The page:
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As a young girl growing up in Granada Hills, Penny Cotner took a look at mail-order electronics equipment kits addressed to her brother and figured she’d have a go at it, too.
“My brother got Heathkits in the mail and I remember picking one of them up one day and asking my dad if it was OK if I played with this,” she recalls.
Her Army-trained, test engineer father said yes, of course.
“I could put it together and make it work just like my brother could,” Cotner said. “I really always just enjoyed science and math. It was easier for me than other subjects.”
It’s not just a hobby anymore for Cotner.
Today, she is president and chief executive of Irvine-based Infinite Electronics Inc., a global supplier of electronics components for wired and wireless communications networks.
Dun & Bradstreet estimates the privately held company, with a dozen brands under its umbrella, to have annual sales approaching $300 million. An Infinite spokesperson said that “since we are privately held I cannot confirm that number.”
Infinite Electronics’ portfolio of brands includes Pasternack Enterprises, whose radio frequency and microwave products are used in military, aerospace and commercial industries; L-com Global Connectivity, which makes a variety of cable assemblies, connectors, adapters and wireless products; and Fairview Microwave, whose products serve engineers and systems designers in commercial and military markets.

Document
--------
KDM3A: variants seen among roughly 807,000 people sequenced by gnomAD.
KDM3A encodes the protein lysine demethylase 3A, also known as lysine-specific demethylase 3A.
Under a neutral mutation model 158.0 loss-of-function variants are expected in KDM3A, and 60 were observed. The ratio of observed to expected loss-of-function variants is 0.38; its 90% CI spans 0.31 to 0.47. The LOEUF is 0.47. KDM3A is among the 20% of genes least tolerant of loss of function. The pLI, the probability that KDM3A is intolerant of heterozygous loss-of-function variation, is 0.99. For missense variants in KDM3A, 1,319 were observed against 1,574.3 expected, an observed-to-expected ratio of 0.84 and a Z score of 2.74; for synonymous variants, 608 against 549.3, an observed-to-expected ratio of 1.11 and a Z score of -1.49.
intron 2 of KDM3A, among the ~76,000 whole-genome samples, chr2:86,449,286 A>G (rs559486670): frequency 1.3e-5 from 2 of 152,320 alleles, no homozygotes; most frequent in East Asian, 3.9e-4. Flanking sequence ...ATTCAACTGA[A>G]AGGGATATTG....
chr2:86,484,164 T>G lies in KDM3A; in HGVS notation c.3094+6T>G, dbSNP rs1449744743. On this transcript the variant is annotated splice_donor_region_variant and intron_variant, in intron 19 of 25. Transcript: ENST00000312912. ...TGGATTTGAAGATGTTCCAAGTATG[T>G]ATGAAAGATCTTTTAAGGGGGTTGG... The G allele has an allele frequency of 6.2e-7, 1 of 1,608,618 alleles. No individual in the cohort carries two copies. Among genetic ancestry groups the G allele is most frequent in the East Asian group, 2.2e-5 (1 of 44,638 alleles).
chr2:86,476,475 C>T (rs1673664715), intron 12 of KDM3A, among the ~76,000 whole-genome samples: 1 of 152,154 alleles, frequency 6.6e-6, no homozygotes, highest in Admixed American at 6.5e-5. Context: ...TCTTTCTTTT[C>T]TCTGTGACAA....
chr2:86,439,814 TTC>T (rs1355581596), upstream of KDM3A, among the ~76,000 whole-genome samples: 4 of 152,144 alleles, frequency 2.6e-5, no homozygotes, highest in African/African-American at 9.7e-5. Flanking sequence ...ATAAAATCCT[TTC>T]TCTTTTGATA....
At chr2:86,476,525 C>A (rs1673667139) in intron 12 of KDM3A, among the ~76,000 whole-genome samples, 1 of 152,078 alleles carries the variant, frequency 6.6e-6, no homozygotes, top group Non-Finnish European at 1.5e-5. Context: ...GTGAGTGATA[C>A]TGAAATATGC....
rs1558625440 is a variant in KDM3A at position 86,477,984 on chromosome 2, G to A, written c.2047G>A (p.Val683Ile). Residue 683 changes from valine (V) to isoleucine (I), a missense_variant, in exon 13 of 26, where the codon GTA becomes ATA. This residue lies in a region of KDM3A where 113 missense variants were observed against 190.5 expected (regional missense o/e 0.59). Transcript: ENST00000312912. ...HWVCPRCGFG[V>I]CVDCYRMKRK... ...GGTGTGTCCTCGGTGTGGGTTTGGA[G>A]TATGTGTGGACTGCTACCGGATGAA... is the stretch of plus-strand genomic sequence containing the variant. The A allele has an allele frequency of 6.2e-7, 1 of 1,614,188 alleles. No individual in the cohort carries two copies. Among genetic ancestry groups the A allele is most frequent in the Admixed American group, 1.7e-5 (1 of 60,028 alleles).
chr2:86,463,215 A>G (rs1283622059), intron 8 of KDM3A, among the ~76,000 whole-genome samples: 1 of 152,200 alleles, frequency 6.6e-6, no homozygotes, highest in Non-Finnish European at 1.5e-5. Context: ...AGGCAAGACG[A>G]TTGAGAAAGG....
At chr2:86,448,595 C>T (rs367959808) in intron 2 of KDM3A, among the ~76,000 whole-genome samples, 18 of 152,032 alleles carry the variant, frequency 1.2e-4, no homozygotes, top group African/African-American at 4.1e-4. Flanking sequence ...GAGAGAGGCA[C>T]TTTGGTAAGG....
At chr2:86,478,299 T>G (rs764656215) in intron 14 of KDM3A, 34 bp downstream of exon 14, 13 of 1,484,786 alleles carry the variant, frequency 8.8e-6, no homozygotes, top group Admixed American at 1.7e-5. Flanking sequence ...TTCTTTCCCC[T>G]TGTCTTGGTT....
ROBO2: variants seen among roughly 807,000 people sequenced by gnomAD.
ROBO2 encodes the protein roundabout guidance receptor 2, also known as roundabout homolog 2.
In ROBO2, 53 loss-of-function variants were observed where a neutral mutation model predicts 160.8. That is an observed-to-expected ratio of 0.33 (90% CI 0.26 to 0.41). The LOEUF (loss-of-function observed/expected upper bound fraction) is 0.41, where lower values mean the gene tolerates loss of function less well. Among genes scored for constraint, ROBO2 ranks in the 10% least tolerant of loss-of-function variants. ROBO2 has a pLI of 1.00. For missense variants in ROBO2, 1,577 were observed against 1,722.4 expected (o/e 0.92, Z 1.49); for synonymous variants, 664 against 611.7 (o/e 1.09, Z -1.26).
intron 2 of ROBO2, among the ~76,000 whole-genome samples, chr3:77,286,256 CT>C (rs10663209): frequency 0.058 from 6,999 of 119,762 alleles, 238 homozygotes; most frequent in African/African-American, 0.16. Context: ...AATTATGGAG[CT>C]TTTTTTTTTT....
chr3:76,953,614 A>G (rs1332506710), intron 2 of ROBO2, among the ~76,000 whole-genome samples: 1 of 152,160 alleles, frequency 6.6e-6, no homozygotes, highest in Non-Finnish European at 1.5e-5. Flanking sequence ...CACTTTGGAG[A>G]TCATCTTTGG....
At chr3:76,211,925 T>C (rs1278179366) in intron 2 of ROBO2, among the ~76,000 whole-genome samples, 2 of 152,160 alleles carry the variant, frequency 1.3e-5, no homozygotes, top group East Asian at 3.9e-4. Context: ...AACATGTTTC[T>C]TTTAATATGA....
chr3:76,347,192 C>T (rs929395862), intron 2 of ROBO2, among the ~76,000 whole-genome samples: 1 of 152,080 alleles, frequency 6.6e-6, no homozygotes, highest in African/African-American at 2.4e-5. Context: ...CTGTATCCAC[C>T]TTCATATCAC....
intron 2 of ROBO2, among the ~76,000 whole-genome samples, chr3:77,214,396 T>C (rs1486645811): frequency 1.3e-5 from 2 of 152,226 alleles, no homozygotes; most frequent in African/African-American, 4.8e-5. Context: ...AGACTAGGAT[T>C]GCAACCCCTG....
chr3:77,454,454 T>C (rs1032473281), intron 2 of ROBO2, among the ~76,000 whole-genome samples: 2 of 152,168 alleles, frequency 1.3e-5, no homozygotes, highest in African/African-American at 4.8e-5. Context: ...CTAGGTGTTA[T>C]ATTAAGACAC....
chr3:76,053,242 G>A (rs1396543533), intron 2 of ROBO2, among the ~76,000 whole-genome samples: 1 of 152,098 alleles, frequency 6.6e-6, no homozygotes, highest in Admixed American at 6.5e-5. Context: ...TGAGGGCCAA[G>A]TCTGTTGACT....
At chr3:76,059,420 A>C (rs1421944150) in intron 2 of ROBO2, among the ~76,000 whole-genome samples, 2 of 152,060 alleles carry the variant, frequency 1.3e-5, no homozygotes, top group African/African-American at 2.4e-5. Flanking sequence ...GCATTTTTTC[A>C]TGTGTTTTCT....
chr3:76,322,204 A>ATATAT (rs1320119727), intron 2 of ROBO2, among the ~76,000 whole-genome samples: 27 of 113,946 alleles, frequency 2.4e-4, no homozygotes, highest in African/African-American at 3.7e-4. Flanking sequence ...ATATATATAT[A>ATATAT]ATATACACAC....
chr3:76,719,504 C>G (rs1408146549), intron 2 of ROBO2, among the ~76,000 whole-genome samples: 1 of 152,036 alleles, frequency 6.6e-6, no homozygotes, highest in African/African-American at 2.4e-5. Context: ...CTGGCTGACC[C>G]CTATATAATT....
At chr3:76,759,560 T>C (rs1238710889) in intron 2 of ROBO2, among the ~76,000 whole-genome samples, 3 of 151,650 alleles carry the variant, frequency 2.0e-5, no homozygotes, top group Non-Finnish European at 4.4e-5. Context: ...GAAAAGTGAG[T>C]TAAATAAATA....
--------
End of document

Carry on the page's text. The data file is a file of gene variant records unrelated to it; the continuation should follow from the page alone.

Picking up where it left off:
The electronics distributor expanded in recent years via some sizeable acquisitions.
A 2017 deal, reported to be in the $110 million range, saw it buy the microwave telecom unit of London’s Smiths Interconnect, which gave it access to several businesses that provide components for cellular towers and core networks, including RadioWaves, which makes wireless and broadband antennas.
It’s subsequently shed some of the business it picked up in 2017, to “focus on our strategic growth areas and core strategy of providing a broad portfolio of products available to ship same-day, with readily-available technical support,” according to Cotner.
Infinite Electronics ranked No. 11 by local employee count, with 143 area workers, in the Business Journal’s July list of top telecommunications and wireless companies in Orange County. Companywide, the firm employs more than 1,000.
She says that right now the company isn’t large enough to go public, “but at some point in the future, who knows.”
Serving ‘Urgent Needs’